• Kyodo


North Korean leader Kim Jong Il has expressed interest in seeing progress on the long-standing issue of 10 Japanese that Tokyo believes were abducted by Pyongyang agents in the 1970s and 1980s, a senior U.S. official said Wednesday.

Later in the day, U.S. Secretary of State Madeleine Albright, with whom the official was traveling, said she emphasized to Kim the importance of resolving the issue.

Albright made the statement during a news conference in Seoul after meeting South Korean Foreign Affairs and Trade Minister Lee Joung Binn and Japanese Foreign Minister Yohei Kono in which she briefed the two on the results of her historic trip to North Korea.

“I made it very clear . . . the importance of the (abduction) issue not only to Japan but to us,” she said. “I did raise it a number of times,” she said, referring to her talks Monday and Tuesday with Kim in Pyongyang.

She didn’t say how Kim responded.

Albright said her government will hold further discussions with Japan and South Korea to settle the abduction issue.

The senior U.S. official, who asked not to be named, told reporters en route from Pyongyang to Seoul that Kim “would like to have things proceed well.”

The official took part in the meetings with Kim and other North Korean top officials in Pyongyang.

The official said, however, that Kim “views things somewhat differently” from the Japanese government. North Korea calls the group “missing persons.”

“Chairman (Kim) listened very attentively” to Albright’s comments on the matter, the official said.

Albright told Kim that the U.S. has a “strong interest” in seeing a “productive” outcome from the third round of normalization talks Monday and Tuesday in Beijing.

She said she wants “the North to find some ways to address” the missing persons issue, according to the U.S. official.

Meanwhile, Kono expressed hope Wednesday that Albright’s meeting with Kim will help achieve progress in the normalization talks.

“I expect the U.S.-North Korea talks will certainly have a beneficial influence on the Japan-North Korea normalization talks,” Kono told a press conference in Seoul.

He explained that Albright’s report on her experiences in Pyongyang and discussions held Wednesday in Seoul by Kono, Albright and Lee will help Japan persevere in its negotiations with the North.

But Kono did not elaborate, saying only the Japanese government “must think about how to proceed in the negotiations before the talks begin.”

Familes express hope

The families of Japanese nationals allegedly abducted by North Korea restated their hopes Wednesday that Tokyo and Pyongyang will strive to resolve the lingering issue as soon as possible.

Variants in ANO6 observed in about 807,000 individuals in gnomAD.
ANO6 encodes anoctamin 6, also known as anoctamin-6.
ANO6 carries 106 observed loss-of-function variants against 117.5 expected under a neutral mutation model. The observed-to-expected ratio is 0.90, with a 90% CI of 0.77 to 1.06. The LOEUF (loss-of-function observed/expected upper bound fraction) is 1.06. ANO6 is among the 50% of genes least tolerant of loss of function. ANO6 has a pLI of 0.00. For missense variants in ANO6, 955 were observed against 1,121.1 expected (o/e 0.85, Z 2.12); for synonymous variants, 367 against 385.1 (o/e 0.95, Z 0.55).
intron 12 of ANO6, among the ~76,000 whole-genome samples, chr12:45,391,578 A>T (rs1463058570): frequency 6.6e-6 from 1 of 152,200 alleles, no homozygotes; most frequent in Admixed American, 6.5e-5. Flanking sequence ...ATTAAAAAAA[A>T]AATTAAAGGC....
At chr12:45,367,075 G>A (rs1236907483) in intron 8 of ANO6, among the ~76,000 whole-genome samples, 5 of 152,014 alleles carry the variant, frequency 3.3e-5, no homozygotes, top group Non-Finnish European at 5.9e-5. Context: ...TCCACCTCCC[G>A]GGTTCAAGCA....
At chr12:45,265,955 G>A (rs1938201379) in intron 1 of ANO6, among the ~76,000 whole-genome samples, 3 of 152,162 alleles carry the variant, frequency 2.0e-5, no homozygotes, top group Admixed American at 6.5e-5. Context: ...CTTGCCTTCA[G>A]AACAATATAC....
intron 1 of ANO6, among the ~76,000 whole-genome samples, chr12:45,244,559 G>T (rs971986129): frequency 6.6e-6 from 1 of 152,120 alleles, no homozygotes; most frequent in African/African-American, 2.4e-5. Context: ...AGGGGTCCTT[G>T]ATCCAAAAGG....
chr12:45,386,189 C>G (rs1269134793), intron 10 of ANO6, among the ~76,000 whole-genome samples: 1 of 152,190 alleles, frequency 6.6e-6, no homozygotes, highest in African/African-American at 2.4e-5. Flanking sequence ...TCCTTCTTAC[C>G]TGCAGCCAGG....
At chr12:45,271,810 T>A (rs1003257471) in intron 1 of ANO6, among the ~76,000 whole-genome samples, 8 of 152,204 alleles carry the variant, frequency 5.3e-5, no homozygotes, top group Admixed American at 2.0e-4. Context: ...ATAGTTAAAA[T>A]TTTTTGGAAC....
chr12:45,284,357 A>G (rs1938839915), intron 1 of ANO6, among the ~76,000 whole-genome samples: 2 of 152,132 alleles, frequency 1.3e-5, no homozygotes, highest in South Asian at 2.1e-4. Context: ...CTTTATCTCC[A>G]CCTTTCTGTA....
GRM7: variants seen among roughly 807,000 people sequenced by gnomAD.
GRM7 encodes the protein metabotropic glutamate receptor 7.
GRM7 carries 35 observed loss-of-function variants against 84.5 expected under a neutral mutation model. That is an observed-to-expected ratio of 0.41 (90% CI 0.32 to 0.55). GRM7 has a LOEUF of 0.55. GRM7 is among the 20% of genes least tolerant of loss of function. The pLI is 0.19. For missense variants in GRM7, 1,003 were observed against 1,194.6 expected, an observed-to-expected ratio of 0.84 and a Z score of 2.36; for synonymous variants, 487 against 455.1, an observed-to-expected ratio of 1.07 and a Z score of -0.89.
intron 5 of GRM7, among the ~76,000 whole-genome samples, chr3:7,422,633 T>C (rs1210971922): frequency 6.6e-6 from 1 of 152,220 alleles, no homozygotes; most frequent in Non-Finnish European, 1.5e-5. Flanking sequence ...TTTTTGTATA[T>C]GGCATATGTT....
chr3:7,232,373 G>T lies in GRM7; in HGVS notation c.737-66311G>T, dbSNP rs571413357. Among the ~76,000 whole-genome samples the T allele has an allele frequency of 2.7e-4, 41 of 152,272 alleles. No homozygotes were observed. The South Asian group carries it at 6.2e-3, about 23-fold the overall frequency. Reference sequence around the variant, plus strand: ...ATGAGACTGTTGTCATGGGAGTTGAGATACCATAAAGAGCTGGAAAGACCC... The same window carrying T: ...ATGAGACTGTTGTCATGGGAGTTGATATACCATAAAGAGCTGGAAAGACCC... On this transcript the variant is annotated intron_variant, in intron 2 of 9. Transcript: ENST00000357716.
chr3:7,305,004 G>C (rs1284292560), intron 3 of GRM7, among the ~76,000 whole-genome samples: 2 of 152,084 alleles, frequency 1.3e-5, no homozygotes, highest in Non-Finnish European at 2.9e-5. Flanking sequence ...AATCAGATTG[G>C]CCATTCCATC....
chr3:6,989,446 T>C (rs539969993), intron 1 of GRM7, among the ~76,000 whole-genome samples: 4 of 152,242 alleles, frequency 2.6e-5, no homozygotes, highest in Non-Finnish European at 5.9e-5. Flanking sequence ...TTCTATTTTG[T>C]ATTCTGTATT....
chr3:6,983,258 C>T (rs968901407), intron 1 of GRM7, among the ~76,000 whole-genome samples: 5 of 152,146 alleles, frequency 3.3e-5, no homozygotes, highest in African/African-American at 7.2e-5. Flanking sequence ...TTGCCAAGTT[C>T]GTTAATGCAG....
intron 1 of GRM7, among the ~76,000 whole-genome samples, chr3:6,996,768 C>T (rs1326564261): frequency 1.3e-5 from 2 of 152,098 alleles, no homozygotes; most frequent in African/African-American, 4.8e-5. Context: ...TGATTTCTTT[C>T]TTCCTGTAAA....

The call follows reports that North Korean leader Kim Jong Il told U.S. Secretary of State Madeleine Albright that he is considering looking into the matter.

Hidekazu Hasuike, the 73-year-old father of Kaoru Hasuike, who went missing in July 1978 from the city of Kashiwazaki, Niigata Prefecture, said he is desperate to know whether his son is safe.

Hasuike, who lives in the prefecture, said that every family with a missing child wants the child to return, whatever the cost. He added that Tokyo now has a better chance of resolving the matter. with the North.

The father of Megumi Yokota, who went missing in Niigata in November 1977 aged 13, said he was pleased that the United States has raised the issue directly with North Korea, as he has doubts over the determination of Tokyo’s efforts on the matter.

Shigeru Yokota, a 67-year-old resident of Kawasaki, said he hopes Albright’s trip will help Japan make progress in solving the issue when Japan and North Korea begin a new round of normalization talks from Monday in Beijing.

Tamotsu Chimura, 73, still hopes his son, Yasushi, will return in the future. He disappeared in the city of Obama, Fukui Prefecture.

“I want my son back as soon as possible. If (North Korea) returns my son, I’ll have no complaints as long as I get him back,” he said.

Shuichi Ichikawa went missing from the coast of Kagoshima Prefecture in August 1978. His 55-year-old brother, Kenichi, now hopes Japan and the North will solve the issue as soon as possible so he can get Shuichi back.

Japan claims at least 10 Japanese were abducted by the North in seven cases in the 1970s and 1980s. Pyongyang denies the allegations but has promised to search for them as “missing persons.”

The problem remains a major obstacle to normalizing bilateral ties.

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